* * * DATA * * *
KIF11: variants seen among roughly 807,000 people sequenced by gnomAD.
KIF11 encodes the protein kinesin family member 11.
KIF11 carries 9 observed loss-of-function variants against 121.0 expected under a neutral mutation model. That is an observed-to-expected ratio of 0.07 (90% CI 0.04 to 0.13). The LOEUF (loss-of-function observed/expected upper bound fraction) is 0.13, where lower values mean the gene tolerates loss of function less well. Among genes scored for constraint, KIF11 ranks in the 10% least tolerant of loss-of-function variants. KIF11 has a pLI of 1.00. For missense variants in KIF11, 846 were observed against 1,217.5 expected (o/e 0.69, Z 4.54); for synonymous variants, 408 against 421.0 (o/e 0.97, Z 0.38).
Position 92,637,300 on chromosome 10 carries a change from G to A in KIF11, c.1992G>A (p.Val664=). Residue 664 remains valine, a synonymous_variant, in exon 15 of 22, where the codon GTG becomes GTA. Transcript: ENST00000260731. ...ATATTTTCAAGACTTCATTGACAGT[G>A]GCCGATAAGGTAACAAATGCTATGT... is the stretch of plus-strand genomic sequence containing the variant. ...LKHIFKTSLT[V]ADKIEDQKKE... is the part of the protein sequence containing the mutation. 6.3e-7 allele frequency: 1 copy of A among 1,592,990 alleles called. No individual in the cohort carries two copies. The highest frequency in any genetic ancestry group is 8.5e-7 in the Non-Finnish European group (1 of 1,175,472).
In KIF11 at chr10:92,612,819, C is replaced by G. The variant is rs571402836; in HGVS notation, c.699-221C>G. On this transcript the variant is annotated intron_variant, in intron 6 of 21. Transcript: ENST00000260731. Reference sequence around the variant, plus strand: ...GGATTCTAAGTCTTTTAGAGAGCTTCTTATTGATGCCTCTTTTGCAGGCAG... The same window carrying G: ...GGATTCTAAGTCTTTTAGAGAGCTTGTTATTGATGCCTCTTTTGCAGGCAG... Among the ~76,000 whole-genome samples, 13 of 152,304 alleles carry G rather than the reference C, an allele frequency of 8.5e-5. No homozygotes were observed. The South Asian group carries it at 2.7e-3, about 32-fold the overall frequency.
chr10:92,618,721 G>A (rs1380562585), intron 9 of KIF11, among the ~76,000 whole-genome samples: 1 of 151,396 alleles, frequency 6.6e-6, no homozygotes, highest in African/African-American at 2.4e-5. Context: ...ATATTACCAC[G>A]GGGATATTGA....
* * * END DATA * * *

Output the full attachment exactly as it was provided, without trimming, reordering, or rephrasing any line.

KIF11: variants seen among roughly 807,000 people sequenced by gnomAD.
KIF11 encodes the protein kinesin family member 11.
KIF11 carries 9 observed loss-of-function variants against 121.0 expected under a neutral mutation model. That is an observed-to-expected ratio of 0.07 (90% CI 0.04 to 0.13). The LOEUF (loss-of-function observed/expected upper bound fraction) is 0.13, where lower values mean the gene tolerates loss of function less well. Among genes scored for constraint, KIF11 ranks in the 10% least tolerant of loss-of-function variants. KIF11 has a pLI of 1.00. For missense variants in KIF11, 846 were observed against 1,217.5 expected (o/e 0.69, Z 4.54); for synonymous variants, 408 against 421.0 (o/e 0.97, Z 0.38).
Position 92,637,300 on chromosome 10 carries a change from G to A in KIF11, c.1992G>A (p.Val664=). Residue 664 remains valine, a synonymous_variant, in exon 15 of 22, where the codon GTG becomes GTA. Transcript: ENST00000260731. ...ATATTTTCAAGACTTCATTGACAGT[G>A]GCCGATAAGGTAACAAATGCTATGT... is the stretch of plus-strand genomic sequence containing the variant. ...LKHIFKTSLT[V]ADKIEDQKKE... is the part of the protein sequence containing the mutation. 6.3e-7 allele frequency: 1 copy of A among 1,592,990 alleles called. No individual in the cohort carries two copies. The highest frequency in any genetic ancestry group is 8.5e-7 in the Non-Finnish European group (1 of 1,175,472).
In KIF11 at chr10:92,612,819, C is replaced by G. The variant is rs571402836; in HGVS notation, c.699-221C>G. On this transcript the variant is annotated intron_variant, in intron 6 of 21. Transcript: ENST00000260731. Reference sequence around the variant, plus strand: ...GGATTCTAAGTCTTTTAGAGAGCTTCTTATTGATGCCTCTTTTGCAGGCAG... The same window carrying G: ...GGATTCTAAGTCTTTTAGAGAGCTTGTTATTGATGCCTCTTTTGCAGGCAG... Among the ~76,000 whole-genome samples, 13 of 152,304 alleles carry G rather than the reference C, an allele frequency of 8.5e-5. No homozygotes were observed. The South Asian group carries it at 2.7e-3, about 32-fold the overall frequency.
chr10:92,618,721 G>A (rs1380562585), intron 9 of KIF11, among the ~76,000 whole-genome samples: 1 of 151,396 alleles, frequency 6.6e-6, no homozygotes, highest in African/African-American at 2.4e-5. Context: ...ATATTACCAC[G>A]GGGATATTGA....